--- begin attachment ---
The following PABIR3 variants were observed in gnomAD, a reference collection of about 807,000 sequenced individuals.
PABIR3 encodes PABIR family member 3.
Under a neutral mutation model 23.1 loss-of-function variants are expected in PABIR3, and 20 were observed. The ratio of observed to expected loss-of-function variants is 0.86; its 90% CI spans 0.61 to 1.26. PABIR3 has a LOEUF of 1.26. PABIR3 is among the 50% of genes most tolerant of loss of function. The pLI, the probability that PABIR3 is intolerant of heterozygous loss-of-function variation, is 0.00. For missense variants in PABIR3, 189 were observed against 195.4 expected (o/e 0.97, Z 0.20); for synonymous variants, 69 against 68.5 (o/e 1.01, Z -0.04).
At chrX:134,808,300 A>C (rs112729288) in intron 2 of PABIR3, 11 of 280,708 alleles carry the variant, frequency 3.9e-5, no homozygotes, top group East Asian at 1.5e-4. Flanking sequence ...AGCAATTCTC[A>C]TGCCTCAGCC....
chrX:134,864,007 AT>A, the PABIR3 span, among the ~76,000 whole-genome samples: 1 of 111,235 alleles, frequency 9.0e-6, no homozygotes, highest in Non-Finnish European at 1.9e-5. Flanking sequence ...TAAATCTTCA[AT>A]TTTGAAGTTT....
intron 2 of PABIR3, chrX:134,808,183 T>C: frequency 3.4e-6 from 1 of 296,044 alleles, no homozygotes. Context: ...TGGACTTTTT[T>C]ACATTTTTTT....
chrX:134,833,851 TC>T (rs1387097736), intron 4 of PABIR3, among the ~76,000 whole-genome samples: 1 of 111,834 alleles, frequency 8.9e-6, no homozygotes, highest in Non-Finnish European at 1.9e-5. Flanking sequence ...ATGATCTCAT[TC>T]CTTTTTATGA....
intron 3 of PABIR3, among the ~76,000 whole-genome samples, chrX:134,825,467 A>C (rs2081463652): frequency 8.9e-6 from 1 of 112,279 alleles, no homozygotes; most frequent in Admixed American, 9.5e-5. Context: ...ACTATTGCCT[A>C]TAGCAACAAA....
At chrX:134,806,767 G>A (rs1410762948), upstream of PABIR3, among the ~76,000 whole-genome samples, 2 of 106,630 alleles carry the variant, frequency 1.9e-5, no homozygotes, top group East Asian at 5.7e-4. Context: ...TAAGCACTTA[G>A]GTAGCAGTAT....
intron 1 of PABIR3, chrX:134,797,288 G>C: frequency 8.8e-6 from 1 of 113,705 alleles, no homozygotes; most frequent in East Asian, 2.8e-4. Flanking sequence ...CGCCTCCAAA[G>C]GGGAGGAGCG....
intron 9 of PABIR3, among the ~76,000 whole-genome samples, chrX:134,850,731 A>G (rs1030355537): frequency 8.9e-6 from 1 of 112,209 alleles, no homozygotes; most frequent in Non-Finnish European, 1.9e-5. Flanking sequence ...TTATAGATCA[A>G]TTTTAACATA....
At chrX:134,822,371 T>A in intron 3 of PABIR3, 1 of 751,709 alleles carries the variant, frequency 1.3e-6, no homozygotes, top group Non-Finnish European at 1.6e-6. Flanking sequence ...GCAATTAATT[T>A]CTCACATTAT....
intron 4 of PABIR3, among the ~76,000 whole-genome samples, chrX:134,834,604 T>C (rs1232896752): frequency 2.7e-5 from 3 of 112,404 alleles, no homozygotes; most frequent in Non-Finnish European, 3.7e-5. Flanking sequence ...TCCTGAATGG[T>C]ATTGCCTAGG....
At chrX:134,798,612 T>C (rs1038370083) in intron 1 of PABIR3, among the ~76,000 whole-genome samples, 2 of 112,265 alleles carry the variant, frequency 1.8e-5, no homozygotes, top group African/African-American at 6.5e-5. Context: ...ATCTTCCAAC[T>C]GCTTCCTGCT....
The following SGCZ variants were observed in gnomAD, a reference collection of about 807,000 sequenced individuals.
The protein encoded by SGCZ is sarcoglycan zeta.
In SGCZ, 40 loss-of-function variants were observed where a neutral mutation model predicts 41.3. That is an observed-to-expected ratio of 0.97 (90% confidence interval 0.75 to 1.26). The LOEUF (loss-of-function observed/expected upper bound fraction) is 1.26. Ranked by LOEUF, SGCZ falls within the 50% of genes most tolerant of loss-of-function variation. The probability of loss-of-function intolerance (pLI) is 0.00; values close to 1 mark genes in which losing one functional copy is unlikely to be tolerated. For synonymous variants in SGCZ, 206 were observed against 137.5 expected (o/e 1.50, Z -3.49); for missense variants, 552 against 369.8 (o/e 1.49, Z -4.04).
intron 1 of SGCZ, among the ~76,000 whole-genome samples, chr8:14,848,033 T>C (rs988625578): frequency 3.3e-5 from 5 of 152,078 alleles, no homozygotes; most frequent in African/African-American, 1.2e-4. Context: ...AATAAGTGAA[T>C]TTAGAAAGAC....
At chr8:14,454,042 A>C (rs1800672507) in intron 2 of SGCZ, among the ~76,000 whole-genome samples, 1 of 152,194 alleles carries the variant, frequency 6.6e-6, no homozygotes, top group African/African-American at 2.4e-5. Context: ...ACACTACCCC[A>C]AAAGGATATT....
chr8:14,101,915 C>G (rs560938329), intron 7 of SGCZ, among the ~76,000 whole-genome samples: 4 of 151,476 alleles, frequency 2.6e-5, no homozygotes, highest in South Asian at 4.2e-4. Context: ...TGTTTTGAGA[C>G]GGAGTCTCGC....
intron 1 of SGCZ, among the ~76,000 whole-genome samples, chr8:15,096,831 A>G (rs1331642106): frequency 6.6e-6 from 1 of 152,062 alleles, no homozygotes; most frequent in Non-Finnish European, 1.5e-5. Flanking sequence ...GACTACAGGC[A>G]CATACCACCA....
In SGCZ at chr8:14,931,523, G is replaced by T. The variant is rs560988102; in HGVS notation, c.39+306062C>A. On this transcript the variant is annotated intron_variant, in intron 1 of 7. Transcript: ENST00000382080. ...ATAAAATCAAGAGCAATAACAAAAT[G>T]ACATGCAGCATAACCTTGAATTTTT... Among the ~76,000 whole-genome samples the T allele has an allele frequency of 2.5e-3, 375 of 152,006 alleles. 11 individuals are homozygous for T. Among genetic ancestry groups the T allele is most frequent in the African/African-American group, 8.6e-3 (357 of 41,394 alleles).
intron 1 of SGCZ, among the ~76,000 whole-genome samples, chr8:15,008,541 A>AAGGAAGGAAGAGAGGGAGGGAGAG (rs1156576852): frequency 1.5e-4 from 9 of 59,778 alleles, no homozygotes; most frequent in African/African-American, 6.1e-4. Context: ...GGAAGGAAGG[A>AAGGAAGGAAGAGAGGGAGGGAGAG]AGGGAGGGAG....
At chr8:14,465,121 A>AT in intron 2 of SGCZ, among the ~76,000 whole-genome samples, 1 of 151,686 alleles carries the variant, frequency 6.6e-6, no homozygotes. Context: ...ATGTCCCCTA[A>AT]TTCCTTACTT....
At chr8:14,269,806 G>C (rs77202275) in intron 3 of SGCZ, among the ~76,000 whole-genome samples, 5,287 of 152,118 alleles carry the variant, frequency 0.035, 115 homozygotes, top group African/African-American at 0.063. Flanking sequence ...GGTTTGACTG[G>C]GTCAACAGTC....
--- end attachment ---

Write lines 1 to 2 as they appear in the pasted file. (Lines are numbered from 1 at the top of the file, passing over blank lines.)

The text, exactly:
The following PABIR3 variants were observed in gnomAD, a reference collection of about 807,000 sequenced individuals.
PABIR3 encodes PABIR family member 3.